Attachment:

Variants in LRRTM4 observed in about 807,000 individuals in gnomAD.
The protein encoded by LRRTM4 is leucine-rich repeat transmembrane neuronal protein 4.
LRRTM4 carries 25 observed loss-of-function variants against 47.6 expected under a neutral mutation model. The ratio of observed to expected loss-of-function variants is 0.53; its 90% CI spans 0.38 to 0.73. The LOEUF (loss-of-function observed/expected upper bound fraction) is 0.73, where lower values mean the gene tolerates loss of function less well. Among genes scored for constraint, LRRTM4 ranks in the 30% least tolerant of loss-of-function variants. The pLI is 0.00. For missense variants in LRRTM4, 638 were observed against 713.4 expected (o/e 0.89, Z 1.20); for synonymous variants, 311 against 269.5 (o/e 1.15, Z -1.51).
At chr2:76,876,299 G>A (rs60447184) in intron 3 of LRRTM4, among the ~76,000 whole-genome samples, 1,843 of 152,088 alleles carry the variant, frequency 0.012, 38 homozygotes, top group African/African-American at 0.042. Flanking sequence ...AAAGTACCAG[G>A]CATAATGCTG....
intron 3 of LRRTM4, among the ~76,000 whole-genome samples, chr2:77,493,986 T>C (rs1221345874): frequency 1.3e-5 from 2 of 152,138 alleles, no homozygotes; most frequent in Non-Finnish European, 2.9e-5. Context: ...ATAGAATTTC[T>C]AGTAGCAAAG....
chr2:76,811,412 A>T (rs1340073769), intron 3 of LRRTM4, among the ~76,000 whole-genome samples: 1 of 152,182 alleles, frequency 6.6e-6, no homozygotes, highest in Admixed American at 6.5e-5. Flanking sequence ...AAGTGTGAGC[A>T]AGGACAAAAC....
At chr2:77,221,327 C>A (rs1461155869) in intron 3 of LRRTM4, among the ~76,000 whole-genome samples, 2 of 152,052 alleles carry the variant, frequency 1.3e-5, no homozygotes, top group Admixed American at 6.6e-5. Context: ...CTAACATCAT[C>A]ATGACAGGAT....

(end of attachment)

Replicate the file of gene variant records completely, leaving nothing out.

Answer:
Variants in LRRTM4 observed in about 807,000 individuals in gnomAD.
The protein encoded by LRRTM4 is leucine-rich repeat transmembrane neuronal protein 4.
LRRTM4 carries 25 observed loss-of-function variants against 47.6 expected under a neutral mutation model. The ratio of observed to expected loss-of-function variants is 0.53; its 90% CI spans 0.38 to 0.73. The LOEUF (loss-of-function observed/expected upper bound fraction) is 0.73, where lower values mean the gene tolerates loss of function less well. Among genes scored for constraint, LRRTM4 ranks in the 30% least tolerant of loss-of-function variants. The pLI is 0.00. For missense variants in LRRTM4, 638 were observed against 713.4 expected (o/e 0.89, Z 1.20); for synonymous variants, 311 against 269.5 (o/e 1.15, Z -1.51).
At chr2:76,876,299 G>A (rs60447184) in intron 3 of LRRTM4, among the ~76,000 whole-genome samples, 1,843 of 152,088 alleles carry the variant, frequency 0.012, 38 homozygotes, top group African/African-American at 0.042. Flanking sequence ...AAAGTACCAG[G>A]CATAATGCTG....
intron 3 of LRRTM4, among the ~76,000 whole-genome samples, chr2:77,493,986 T>C (rs1221345874): frequency 1.3e-5 from 2 of 152,138 alleles, no homozygotes; most frequent in Non-Finnish European, 2.9e-5. Context: ...ATAGAATTTC[T>C]AGTAGCAAAG....
chr2:76,811,412 A>T (rs1340073769), intron 3 of LRRTM4, among the ~76,000 whole-genome samples: 1 of 152,182 alleles, frequency 6.6e-6, no homozygotes, highest in Admixed American at 6.5e-5. Flanking sequence ...AAGTGTGAGC[A>T]AGGACAAAAC....
At chr2:77,221,327 C>A (rs1461155869) in intron 3 of LRRTM4, among the ~76,000 whole-genome samples, 2 of 152,052 alleles carry the variant, frequency 1.3e-5, no homozygotes, top group Admixed American at 6.6e-5. Context: ...CTAACATCAT[C>A]ATGACAGGAT....